I’ll tell you a true story about me and the graduation story. I got lax on my vitamin B12 supplements. I am a RNYer so it’s hard for my body to get B12 but for those supplements. One day I made a wonderful pot of chili for dinner and was getting ready to serve it up and…couldn’t remember the word for “bowl.” I literally asked my daughter for “the round thing you put soup and chili in.” And that was AFTER a few weeks of walking into rooms and not remembering why I did and thinking I lost my keys because I couldn’t remember where I’d put them.
Beware the Ides of March vets. You didn’t graduate, you adjusted.
So far as involvement in the bariatric community, not every long-termer needs it. But some of us do. And yes it can be a bit trying to see fresh, new post-ops alive with the joy of losing when you haven’t seen scale movement in forever (and maybe you actually shouldn’t) but in this community there is support. There’s understanding. And, I’ll be frank, you have a responsibility.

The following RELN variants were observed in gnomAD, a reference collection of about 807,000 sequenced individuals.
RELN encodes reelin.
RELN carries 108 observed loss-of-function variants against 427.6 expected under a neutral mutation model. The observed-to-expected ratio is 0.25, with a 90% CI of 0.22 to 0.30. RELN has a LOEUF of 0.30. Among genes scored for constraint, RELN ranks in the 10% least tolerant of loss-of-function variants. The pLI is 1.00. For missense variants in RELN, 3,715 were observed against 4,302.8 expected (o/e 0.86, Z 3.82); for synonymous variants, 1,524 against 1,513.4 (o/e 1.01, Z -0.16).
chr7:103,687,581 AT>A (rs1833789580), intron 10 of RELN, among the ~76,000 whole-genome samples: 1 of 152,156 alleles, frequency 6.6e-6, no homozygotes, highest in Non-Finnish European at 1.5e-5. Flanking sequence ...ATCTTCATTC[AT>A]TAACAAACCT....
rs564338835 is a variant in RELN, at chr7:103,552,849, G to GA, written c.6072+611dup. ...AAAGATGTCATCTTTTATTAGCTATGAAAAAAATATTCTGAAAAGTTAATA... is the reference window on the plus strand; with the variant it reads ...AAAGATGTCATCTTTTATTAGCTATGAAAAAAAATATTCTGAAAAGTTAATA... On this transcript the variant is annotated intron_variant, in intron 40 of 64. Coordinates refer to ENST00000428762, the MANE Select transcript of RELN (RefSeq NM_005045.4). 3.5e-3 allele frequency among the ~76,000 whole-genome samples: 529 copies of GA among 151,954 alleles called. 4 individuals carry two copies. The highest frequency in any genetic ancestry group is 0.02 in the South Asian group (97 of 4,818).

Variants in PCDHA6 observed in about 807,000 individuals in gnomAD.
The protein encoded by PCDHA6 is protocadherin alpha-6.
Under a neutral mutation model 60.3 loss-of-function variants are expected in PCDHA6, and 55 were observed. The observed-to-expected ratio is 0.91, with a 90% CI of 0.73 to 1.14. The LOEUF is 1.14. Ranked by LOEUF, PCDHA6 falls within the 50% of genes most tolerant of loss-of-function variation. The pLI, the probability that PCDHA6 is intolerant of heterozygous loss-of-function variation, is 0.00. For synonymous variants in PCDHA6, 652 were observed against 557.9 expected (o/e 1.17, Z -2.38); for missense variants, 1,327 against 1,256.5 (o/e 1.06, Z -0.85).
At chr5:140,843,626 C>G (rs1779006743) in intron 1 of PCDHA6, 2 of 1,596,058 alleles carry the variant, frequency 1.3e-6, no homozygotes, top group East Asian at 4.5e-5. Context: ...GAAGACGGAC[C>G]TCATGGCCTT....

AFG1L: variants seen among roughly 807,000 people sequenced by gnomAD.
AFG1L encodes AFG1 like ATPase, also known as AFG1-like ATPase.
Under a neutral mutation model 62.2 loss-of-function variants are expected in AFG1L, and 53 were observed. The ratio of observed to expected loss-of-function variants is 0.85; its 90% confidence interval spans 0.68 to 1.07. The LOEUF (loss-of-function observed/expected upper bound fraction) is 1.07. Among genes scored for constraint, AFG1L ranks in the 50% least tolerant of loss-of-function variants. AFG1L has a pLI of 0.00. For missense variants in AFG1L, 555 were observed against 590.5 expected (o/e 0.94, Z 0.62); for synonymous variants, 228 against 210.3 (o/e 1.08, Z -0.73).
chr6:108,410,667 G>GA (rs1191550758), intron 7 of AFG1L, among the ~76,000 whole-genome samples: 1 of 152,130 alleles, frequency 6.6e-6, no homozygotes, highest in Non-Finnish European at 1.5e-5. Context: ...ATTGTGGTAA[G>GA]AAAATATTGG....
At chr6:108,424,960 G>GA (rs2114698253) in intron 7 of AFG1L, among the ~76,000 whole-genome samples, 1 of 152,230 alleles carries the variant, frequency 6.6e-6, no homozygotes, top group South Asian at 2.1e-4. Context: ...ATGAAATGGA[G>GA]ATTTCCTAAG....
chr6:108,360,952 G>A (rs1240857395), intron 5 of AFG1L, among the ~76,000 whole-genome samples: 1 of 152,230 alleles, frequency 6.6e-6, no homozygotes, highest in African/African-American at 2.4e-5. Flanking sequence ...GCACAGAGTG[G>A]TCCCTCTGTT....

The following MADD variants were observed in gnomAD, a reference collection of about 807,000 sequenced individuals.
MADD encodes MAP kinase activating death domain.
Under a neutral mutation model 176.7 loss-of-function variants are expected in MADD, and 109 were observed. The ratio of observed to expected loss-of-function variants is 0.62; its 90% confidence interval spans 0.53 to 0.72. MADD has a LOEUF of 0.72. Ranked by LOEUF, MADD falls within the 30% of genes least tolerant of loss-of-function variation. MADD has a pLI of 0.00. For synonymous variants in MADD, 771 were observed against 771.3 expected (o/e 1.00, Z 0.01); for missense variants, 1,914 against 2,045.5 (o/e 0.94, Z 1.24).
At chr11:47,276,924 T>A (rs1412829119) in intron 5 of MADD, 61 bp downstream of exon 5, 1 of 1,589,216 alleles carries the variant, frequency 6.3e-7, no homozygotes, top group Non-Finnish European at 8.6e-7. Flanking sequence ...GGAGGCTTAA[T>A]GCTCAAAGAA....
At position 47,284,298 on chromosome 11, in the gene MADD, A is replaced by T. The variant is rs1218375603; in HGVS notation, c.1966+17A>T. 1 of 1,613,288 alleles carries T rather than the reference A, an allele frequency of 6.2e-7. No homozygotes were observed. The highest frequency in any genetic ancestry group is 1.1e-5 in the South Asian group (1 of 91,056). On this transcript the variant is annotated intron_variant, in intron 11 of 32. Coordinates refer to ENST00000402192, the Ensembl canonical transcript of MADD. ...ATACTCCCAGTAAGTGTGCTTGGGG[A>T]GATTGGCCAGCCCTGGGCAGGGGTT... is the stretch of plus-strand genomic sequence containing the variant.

You took from this community when you were new. Someone further out likely guided you. All of us “vets” could consider paying it forward and doing the same. The more vet involvement we have in places like ObesityHelp, the more you start to see pre-ops and new post-ops with realistic expectations of what post-op life will be like. And that’s good for everyone!
The Mid-life Crisis
If there’s one thing that gets my blood pressure boiling the most in the post-op process, it’s hearing about the five-day pouch test. I hate to even mention it because I know some folks will Google it and try it.